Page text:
“Mammon and the Archer”

The Bard of Avalon wrote, “The course of true love never did run smooth.”  When Lysander said this to his true love Hermia in A Midsummer Night’s Dream, he realized that their love was forbidden by Hermia’s father who wanted his daughter to marry a more upper-class citizen of Athens.

I don’t know if O. Henry was thinking of Hermia and Lysander when he wrote Mammon and The Archer. For in his short story Richard Rockwall is in love with a Miss Lantry.

Anthony Rockwall is a self-made man who does not care for the blue-nosed snobs around him.  They in turn do not fancy a blue-collar soap maker who made good—very good. Anthony believes his money can solve any dilemma, even this one.

Richard tells his father that Miss Lantry is set to sail for Europe for a two-year stay.  He is allowed a short time with her tomorrow because she is part of the “stream which turns the social mill” in New York City.  Her time is structured by the demands of society.

Into the story enters Aunt Ellen who believes “love is all-powerful”.  She gives Richard his mother’s ring which she had given to Aunt Ellen to hold for her son. The ring gives Richard an idea.

In the cab the next day as he and Miss Lantry headed to Wallack’s Theatre, he purposefully dropped his mother’s ring and halted the cab.  Jumping out of the cab he retrieved the ring which caught the eye of the young lady.

However, the trip to theatre became entangled in a mass transit snarl.  Out of nowhere traffic surrounded the cab for two hours.

O. Henry does not relate the conversation between these two young people, but the ring was on the engagement finger of Miss Lantry when they arrived at Wallack’s Theatre. New York traffic has played a part in many a romance over the decades.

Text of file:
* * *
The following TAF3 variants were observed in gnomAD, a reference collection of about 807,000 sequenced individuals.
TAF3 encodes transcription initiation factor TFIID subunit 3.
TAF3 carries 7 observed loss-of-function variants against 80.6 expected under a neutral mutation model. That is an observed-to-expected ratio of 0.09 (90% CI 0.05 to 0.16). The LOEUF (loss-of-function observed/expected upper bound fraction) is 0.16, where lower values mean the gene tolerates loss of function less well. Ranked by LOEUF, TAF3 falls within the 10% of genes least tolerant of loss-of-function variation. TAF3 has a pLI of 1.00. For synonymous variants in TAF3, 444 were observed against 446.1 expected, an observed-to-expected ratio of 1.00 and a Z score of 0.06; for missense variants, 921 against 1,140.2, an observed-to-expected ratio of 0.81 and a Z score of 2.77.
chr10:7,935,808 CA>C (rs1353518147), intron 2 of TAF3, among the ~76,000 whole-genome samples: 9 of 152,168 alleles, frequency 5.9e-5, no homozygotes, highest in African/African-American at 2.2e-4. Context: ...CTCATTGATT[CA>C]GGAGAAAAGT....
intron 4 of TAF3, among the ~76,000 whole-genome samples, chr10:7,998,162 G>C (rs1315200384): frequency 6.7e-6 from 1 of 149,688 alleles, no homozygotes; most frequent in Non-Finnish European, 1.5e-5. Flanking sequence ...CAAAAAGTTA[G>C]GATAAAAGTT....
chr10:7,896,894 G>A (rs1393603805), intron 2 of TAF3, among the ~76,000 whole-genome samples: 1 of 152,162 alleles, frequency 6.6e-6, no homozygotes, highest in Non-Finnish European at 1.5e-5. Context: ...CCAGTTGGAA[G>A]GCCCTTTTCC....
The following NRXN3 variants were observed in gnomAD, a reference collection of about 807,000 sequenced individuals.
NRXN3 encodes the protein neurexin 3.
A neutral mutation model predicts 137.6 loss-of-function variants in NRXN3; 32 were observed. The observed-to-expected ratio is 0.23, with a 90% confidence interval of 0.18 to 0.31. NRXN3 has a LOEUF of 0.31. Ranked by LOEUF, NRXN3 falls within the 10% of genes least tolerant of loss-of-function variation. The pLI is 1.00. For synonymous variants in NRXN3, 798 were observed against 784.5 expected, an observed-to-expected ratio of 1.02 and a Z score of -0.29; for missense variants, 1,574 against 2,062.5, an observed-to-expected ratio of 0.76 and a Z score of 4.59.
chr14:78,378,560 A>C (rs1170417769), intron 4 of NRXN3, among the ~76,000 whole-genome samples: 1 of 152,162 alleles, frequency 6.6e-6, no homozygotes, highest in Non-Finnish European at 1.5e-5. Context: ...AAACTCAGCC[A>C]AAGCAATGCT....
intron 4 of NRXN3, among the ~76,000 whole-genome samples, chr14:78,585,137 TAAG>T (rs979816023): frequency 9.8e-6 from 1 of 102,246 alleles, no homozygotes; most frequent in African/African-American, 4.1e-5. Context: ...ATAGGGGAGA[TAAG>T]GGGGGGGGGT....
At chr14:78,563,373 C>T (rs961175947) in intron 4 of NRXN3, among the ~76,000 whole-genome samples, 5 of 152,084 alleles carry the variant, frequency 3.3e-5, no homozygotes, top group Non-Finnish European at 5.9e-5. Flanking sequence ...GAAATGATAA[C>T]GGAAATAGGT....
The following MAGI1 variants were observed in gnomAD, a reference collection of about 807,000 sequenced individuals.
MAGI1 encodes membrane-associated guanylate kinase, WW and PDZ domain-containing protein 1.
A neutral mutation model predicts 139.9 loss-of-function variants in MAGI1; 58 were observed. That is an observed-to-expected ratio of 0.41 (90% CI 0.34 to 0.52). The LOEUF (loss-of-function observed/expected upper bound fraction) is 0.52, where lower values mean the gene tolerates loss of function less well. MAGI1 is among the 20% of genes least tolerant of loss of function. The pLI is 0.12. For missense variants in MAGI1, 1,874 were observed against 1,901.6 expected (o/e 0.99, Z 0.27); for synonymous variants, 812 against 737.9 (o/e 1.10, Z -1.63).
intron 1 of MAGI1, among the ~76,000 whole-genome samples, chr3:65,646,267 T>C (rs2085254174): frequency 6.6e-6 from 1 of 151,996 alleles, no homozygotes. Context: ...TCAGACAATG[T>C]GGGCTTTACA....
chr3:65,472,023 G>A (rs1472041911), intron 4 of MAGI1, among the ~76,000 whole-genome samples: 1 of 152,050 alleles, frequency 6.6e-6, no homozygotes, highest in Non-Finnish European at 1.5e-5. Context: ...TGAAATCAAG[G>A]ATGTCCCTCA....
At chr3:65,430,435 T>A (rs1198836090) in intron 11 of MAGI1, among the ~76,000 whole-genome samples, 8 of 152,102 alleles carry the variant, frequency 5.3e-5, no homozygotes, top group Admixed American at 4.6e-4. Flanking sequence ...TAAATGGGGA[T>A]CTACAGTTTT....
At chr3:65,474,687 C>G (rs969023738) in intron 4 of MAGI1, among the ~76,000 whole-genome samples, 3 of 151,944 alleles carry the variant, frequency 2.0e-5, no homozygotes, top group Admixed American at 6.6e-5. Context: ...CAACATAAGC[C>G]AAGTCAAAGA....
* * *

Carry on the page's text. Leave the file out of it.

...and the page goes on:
Of course later that night Aunt Ellen came over and told Anthony the news. She said, “A little emblem of true love—a little ring that symbolized unending and unmercenary affection—was the cause of our Richard finding his happiness.”  Aunt Ellen was a true romantic.

This is such a sweet romantic tale about which true romantics would sigh and say, “Destiny.  True love…”  However, this is O. Henry with a twist.

As Paul Harvey would say, “Now, for the rest of the story.”   The next morning a man named Kelly showed up at Anthony’s mansion for his payment.  He had arranged the mass transit snarl which gave Richard the time to use the magic of the ring as well as his heart flutters to seal the deal.

As Kelly headed for the door with his check, Anthony calls out

“You didn’t notice anywhere in the tie-up, a kind of a fat boy without any clothes on shooting arrows with a bow, did you?”

“Why, no,” said Kelly mystified.  “I didn’t.  if he was like you say, maybe the cops pinched him before I got there.”

“I thought the little rascal wouldn’t be on hand,” chuckled Anthony.

In A Midsummer Night’s Dream Lysander and Hermia do get married after much interference from the Greek deities and their magical flower potion.  Perhaps, for Richard and Miss Lantry a magical flower for the eyes is just a simple old ring which catches the romantic fancy of a young woman’s gaze.

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G. D. Williams       © 2012

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